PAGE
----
Faces of Loki 7: Lover of Outcasts

One thing almost everyone knows about Loki is that he had children who were feared by the Aesir. We know about Fenrir and Jormungandr and their place in Ragnarok. And we know of Hela and her place caring for the dead who will also join in the battle along with Loki and the others. But there are still more children that are often forgotten about in the general public. And yes, the majority of them were also hated and feared. We know they didn’t fear Sleipnir. Then again, he was taken by Odin practically as soon as Loki gave birth to him and raised as Odin’s steed. But what would they have thought of him if that weren’t the case? Knowing he was fathered by the Jotun builder’s amazingly strong stallion, and Loki being the mother, one could imagine Sleipnir being feared had he grown up not being raised by Odin. And then there are the trolls (or witches) that Loki also gave birth to after eating the heart of Gullvieg. They too were feared and/or hated. But what about Loki? What can we learn about him in all this?

One thing that many people point out almost instantly, is the fact that Loki gave birth to some of these children. In fact, at the flyting, the one thing the Aesir kept saying to him was how unmanly he was for this and a small few other reasons. Some use this as a way to say Loki and any man who acts “unmanly” in that way is dishonorable. However, they forget the fact that Odin himself lived as a woman and “slept” as one too. And when Loki pointed that out, the conversation veered a bit from there on Odin’s part. It wasn’t really shameful. The others knew Odin did that. And yet, that was the only thing the others kept saying. So we can learn two things just from this. One thing is the fact that Loki is gender-fluid. The other thing we learn, is that even when the others kept saying it over and over and knowing Odin did it too, Loki still stood his ground saying “yea, so what” and calling out the hypocrisies of the rulers doing something that others were talked down on for or worse. This is part of why many in the LGBTQ+ community tend to be drawn to Loki. They know he understands, not only by being gender-fluid (and likely at least bisexual), but also in standing against others who speak against it. But it’s not just LGBTQ+ that Loki can relate to and understand. Remember that almost all of his children were considered monsters. This is not only the ones Loki gave birth to, but those he fathered as well, like the main three we all know from Angrboda. The Jotun as a whole were generally viewed that way.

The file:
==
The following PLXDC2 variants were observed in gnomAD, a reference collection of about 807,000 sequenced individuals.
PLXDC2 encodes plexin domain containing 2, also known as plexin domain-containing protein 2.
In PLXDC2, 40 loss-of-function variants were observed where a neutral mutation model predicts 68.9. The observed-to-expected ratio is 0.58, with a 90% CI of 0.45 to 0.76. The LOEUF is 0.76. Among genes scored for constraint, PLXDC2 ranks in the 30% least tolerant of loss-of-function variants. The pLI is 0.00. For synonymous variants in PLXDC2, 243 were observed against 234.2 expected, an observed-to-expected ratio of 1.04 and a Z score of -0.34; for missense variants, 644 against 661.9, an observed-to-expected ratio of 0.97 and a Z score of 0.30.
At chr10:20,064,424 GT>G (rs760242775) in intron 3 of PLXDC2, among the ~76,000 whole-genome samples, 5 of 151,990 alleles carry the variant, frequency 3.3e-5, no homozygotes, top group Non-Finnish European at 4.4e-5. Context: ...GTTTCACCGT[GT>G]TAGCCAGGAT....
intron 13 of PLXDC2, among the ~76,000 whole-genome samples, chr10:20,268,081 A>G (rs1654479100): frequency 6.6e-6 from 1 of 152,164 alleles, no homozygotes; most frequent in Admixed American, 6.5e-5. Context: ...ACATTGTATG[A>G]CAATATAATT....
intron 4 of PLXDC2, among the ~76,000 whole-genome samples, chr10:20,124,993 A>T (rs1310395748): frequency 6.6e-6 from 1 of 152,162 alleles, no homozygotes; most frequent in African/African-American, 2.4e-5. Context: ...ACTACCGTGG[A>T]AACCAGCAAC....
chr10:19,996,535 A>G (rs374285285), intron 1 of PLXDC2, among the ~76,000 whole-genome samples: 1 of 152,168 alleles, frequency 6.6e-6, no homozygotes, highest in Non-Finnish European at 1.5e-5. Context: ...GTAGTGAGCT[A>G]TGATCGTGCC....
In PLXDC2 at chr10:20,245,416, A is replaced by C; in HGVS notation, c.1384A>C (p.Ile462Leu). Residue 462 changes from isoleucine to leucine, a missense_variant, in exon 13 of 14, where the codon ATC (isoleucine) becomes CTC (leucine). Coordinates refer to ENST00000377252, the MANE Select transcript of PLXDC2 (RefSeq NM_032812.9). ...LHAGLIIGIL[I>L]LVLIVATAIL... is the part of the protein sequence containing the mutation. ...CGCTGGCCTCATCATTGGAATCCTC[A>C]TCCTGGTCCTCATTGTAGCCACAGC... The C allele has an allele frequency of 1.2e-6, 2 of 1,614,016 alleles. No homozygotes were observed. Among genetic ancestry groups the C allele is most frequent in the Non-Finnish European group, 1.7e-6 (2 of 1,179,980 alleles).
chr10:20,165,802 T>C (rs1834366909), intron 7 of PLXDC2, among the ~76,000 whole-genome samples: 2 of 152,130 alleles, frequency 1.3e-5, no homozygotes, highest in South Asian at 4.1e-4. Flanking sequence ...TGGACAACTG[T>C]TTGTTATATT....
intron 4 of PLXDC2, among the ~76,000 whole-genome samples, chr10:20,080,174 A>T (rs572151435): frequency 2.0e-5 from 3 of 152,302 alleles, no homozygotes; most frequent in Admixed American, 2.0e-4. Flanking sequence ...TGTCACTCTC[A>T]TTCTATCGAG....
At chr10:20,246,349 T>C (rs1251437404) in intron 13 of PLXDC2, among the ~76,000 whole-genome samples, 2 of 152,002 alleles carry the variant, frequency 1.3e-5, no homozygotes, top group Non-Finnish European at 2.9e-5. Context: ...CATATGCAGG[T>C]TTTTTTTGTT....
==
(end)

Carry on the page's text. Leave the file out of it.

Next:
One could argue that just about any Jotun knows what its like to be hated simply for who you are and how you were born. Many of the myths mention Thor being away on one of his trips to go bashing trolls and giants. In fact, the Prose Edda tells us that when the Aesir made the agreement with the builder of the wall, they made sure it was done on one of the occasions that Thor was away doing that because the Jotun feared being near Asgard if he was present for that very reason. And look at what happened to Fenrir, Jormungandr, and Hela. Kidnapped while still children because of who they were and what the Aesir feared they would do once they were grown. Fenrir tied and bound, Hela left in the cold beneath Niflheim to rule the dead, and Jormungandr thrown out into the sea. All because of how they were born and who they were born too. Things that they could not help. Simply who and what they are. And Loki does love his children, and he helps to lead Ragnarok almost like the final revenge for it all. Loki himself was an outcast. Yes, they did allow him in Asgard. But they also blamed everything that went wrong on him and made him go fix it. They even blamed him for the builder almost winning the wager. And yet, Loki volunteered to help at times. When Thor dressed as a bride to retrieve his stolen hammer, it was Heimdall who suggested it. But it was Loki who volunteered to go with him in case he needed help. So in some ways, rather than being a double-agent as some people suggest, Loki was really a bit of a meditator. He kept a balance. And in this way, we see that he is an ally to the outcast and those discriminated against. For that reason, many who are disabled, or minorities, or neuro-detergent will find comfort in knowing there is a deity like Loki who will stand up for them and comfort them and love them as they are, because he has been there himself. That is why so many in the Lokean community push for equality and human rights and try to be allies to so many causes. Because that is a part of who Loki is (Not to mention its just the right thing to do). So if we can take anything from all of this, let it be that Loki will accept us for who we are, and that we should also accept ourselves and each other in the same way. Embracing diversity. Hail Loki, lover of the outcasts.

That’s all I have for now. As usual, feel free to comment and discuss and I will respond as soon as I’m able. See you soon.

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